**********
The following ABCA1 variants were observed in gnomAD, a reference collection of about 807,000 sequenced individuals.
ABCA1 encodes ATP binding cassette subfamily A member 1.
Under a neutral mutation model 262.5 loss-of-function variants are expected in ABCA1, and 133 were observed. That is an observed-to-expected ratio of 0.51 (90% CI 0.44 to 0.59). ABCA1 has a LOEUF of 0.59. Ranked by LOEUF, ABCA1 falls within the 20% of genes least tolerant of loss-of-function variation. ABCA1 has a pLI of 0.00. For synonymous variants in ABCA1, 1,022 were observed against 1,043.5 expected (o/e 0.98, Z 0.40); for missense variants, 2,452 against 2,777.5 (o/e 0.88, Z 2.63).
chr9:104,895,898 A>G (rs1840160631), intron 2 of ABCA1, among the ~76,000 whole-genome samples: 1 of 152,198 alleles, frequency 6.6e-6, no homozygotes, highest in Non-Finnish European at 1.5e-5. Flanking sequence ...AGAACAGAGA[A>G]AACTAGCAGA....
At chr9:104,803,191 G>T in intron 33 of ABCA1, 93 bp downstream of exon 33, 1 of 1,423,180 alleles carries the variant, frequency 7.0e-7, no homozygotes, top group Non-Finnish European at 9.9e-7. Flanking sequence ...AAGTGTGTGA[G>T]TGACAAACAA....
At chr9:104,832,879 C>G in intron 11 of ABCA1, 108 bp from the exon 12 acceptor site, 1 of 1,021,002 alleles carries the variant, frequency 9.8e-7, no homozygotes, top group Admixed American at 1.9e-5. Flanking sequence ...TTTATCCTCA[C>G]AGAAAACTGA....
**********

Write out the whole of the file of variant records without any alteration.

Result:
The following ABCA1 variants were observed in gnomAD, a reference collection of about 807,000 sequenced individuals.
ABCA1 encodes ATP binding cassette subfamily A member 1.
Under a neutral mutation model 262.5 loss-of-function variants are expected in ABCA1, and 133 were observed. That is an observed-to-expected ratio of 0.51 (90% CI 0.44 to 0.59). ABCA1 has a LOEUF of 0.59. Ranked by LOEUF, ABCA1 falls within the 20% of genes least tolerant of loss-of-function variation. ABCA1 has a pLI of 0.00. For synonymous variants in ABCA1, 1,022 were observed against 1,043.5 expected (o/e 0.98, Z 0.40); for missense variants, 2,452 against 2,777.5 (o/e 0.88, Z 2.63).
chr9:104,895,898 A>G (rs1840160631), intron 2 of ABCA1, among the ~76,000 whole-genome samples: 1 of 152,198 alleles, frequency 6.6e-6, no homozygotes, highest in Non-Finnish European at 1.5e-5. Flanking sequence ...AGAACAGAGA[A>G]AACTAGCAGA....
At chr9:104,803,191 G>T in intron 33 of ABCA1, 93 bp downstream of exon 33, 1 of 1,423,180 alleles carries the variant, frequency 7.0e-7, no homozygotes, top group Non-Finnish European at 9.9e-7. Flanking sequence ...AAGTGTGTGA[G>T]TGACAAACAA....
At chr9:104,832,879 C>G in intron 11 of ABCA1, 108 bp from the exon 12 acceptor site, 1 of 1,021,002 alleles carries the variant, frequency 9.8e-7, no homozygotes, top group Admixed American at 1.9e-5. Flanking sequence ...TTTATCCTCA[C>G]AGAAAACTGA....